I've occasionally found myself listening to music that's not always in standard meter. Either through odd time signatures, syncopation, or a combination of the two, certain music seems hard to imagine what the time signature may be for the purposes of transcription. What exercises exist to help identify these oddities? In particular, I'm looking at:

  • Which note gets the beat (denominator in time signature)
  • How you identify syncopation vs. odd time signatures
  • How you identify time signatures
  • 2
    Sometimes there is not one answer to those questions. Even at a very basic level, the difference between 2/4 and 4/4 can be subtle. Also 5/4 versus 2/4 followed by 3/4 is almost a matter of preference if there isn't an obvious rhythm. A good rule of thumb is to go with what feels best at a macroscopic level. For instance, if you think the piece is more of a march feel, then you would go 2/4 instead of 4/4, all other things being equal. Feb 22, 2016 at 20:47
  • 1
    'For the purpose of transcription' - if it's for you to replay, then it's not going to be so important as to whether you change the time sig. or just add accents when you think necessary. Even if it's for others, often the end result will be the same in performance. A time sig. is going to be decided when a piece has a regular number of beats per bar. Generally beat one is recognised as the most prominent, but that's nowhere near true in a lot of songs or styles. Todd mentioned 5/4: if the rhythm is similar throughout, then it makes sense to leave at 5/4 rather than alternate every other bar.
    – Tim
    Feb 23, 2016 at 8:36
  • 2
    The original version of Stravinsky's Rite of Spring has many changing meters to notate the complex-sounding rhythms. Later, Stravinsky revised it and just put most of it into standard meters like 4/4 to make it easier to conduct. It sounds exactly the same in either version. Feb 23, 2016 at 14:14
  • @AndrewCashner - as I wrote my comment, 'Rite of Spring' sprang to mind. I often thought that there was perhaps a different - better- way to write it.
    – Tim
    Feb 23, 2016 at 18:14
  • @Tim, it's for the purpose of playing, but more archival than that. Also, what I intend on transcribing has quite a bit to do with rhythm. I think a closer-to-original transcription in written form is worth the few extra practice sessions to get multiple time signatures down, than some oddly syncopated common-time transcription.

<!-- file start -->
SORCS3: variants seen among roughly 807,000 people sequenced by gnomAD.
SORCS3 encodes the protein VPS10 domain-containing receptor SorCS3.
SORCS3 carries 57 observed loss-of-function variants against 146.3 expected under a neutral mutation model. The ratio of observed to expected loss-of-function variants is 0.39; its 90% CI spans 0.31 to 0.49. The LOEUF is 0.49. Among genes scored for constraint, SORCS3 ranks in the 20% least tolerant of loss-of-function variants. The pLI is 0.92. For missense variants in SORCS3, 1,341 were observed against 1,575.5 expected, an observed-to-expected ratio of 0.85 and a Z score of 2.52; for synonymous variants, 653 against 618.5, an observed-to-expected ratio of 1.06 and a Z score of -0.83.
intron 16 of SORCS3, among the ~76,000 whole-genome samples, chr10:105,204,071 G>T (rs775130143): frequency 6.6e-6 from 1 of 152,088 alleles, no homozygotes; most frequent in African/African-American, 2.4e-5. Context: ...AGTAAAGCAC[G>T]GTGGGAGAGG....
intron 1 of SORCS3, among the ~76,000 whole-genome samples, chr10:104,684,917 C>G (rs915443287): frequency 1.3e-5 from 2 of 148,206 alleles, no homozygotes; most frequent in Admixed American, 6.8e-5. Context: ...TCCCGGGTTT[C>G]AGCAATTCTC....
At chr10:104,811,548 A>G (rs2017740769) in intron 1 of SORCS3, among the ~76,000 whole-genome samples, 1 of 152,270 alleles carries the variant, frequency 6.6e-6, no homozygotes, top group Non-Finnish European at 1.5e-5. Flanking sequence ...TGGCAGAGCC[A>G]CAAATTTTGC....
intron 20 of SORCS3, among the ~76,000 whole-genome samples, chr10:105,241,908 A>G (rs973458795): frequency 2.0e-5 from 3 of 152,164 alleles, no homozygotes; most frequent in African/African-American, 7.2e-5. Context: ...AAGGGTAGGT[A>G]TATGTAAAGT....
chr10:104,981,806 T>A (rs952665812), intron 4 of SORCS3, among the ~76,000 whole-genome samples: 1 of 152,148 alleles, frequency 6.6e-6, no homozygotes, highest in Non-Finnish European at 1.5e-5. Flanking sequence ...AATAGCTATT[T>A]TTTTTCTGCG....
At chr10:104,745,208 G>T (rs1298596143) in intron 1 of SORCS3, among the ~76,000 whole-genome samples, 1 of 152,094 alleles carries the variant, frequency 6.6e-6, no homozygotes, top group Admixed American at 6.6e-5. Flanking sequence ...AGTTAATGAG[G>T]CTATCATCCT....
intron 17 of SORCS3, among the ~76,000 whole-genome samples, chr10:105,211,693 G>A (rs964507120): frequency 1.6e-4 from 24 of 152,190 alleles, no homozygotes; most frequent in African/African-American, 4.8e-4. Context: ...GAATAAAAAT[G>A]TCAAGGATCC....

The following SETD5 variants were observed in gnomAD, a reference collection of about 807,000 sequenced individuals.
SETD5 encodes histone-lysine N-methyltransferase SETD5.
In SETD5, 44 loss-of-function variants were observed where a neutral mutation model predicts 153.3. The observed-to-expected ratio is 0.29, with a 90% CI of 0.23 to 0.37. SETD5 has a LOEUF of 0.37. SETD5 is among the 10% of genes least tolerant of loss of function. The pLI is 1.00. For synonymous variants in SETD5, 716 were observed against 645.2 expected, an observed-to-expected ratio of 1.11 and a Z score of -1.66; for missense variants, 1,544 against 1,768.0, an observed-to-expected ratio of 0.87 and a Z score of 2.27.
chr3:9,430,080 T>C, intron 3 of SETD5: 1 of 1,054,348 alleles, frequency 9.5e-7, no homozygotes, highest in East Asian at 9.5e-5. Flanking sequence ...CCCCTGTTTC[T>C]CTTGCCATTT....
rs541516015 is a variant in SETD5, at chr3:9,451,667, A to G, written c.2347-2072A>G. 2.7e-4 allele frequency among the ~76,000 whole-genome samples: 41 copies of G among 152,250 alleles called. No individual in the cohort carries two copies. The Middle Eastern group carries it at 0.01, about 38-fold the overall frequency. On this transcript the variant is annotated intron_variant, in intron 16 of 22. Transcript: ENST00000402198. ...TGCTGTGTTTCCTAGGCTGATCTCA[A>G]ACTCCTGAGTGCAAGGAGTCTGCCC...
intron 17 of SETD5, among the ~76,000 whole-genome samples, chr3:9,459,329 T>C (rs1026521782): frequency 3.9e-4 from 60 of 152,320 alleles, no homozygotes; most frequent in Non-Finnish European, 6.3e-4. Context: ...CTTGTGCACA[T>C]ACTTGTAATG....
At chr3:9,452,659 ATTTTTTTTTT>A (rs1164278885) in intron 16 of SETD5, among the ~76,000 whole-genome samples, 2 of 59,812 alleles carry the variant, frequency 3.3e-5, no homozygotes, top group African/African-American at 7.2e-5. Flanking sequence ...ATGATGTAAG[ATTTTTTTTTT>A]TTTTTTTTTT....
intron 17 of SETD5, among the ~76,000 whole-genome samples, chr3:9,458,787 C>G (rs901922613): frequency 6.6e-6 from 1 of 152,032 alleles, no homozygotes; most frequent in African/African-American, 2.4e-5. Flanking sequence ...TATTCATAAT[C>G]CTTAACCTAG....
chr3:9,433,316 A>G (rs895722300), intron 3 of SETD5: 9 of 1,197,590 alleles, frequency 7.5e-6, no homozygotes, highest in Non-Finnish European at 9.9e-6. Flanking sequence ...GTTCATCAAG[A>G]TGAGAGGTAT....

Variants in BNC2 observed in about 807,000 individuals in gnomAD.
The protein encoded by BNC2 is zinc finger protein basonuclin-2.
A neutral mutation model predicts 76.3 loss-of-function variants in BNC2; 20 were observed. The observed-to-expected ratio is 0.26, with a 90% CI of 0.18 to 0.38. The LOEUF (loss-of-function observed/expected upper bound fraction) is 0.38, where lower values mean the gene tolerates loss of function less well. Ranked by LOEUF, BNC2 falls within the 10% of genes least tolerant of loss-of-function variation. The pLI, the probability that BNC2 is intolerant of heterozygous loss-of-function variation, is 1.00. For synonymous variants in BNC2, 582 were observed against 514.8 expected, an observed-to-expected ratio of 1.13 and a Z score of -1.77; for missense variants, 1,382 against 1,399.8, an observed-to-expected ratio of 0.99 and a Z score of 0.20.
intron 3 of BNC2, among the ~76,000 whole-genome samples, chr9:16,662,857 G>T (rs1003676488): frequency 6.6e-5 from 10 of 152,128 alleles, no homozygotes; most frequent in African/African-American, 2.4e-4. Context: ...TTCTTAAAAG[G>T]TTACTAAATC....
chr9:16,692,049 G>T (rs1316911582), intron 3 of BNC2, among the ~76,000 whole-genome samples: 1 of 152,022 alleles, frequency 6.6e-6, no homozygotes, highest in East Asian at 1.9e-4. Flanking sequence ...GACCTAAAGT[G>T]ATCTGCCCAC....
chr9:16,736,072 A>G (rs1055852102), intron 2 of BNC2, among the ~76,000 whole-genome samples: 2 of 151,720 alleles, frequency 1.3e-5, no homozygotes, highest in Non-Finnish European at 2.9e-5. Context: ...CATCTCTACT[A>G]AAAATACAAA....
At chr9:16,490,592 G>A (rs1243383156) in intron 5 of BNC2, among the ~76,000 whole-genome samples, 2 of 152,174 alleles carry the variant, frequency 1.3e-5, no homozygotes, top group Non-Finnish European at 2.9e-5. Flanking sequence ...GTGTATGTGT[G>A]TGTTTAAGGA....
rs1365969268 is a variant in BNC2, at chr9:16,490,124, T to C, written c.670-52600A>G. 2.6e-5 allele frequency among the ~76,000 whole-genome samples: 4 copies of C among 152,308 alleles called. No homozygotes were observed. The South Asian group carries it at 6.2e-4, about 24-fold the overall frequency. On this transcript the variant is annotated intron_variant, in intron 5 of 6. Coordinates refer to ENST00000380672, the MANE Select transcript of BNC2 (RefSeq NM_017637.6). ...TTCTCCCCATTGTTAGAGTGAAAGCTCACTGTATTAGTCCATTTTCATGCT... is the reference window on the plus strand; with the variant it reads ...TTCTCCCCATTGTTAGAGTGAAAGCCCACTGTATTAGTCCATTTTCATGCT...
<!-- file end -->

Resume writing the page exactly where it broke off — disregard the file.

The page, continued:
– user6164
    Feb 23, 2016 at 19:21

1 Answer 1


As Todd states in his comment, there isn't "one way" to notate rhythms. After all, notation is just a partial representation of the sounds produced, and several may be possible and equally correct. I have an answer over here for more on this.

Therefore, the best notation will be the clearest expression of artistic intent. Some guidelines I suggest:

  1. Which note gets the beat?

I'd start instead by determining which notes are the most common and near the middle of the used durations. Most pieces rely heavily on about three durations - make these your quarter notes, eighths, and sixteenths if it's a faster feeling piece, and halves, quarters, and eighths if it feels slower. You want to make as many of the notes as possible easy to count, so if you have some much faster notes than "average", use that to inform your decision.

Once you get the rhythm of a passage roughed in, hopefully you'll start to see patterns. Your ear will tell you if a particular bit of music feels the same as another, so you can start to put in your barlines. If not, go on to the next question and come back to this.

  1. How do you identify syncopation vs odd time signatures?

Go for simplicity here. If the pattern keeps changing chances are you're looking at syncopation. If it's more regular, you'd be better off writing in that meter. You may try it with two time signatures and see which is easier to read.

Don't forget about time signatures such as 3+3+2/8. At slow speeds, this could feel like the meter is constantly shifting between 3 and 2, but with careful notation it can be clearer to read as 4/2 or 4/4. Also remember that it is possible to have a hemiola going through many measures, but that the underlying pulse might be the same.

When in doubt, choose the voice with the most repetition of pitches to look for clues as to what's going on. If you have a percussion or bass part, they usually are providing a rhythmic structure for other voices. If multiple voices keep having cross rhythms, at least one of them is syncopated.

  1. How do you identify time signatures?

In one ethnomusicology class, we were introduced to an eastern dance form in 5 that was described indigenously "limping dance". This has stuck with me as a way to identify odd time signatures - can a passage be danced in a "limping" way with some regularity? For example, a dance in slow five (think Mars) would feel like two dance steps with a limping third. A faster five might feel like two uneven steps.

Once you figure out whether you're dealing with an odd time signature or not, start tapping along. How many pulses are there in the measure? Are some strong and weak? If you're not sure, tap at double the speed of the main rhythmic progression and use that as the subdivision of the beat.

The number on the bottom of the time signature is determined by legibility. Are there a whole pile of notes in a measure? It's x/2 or x/4. Lots of notes that cover whole measures? x/8. Keep it easy to read.

Ultimately it all comes down to communicating intent effectively. It make take a few tries and some time away from the piece to get it right.

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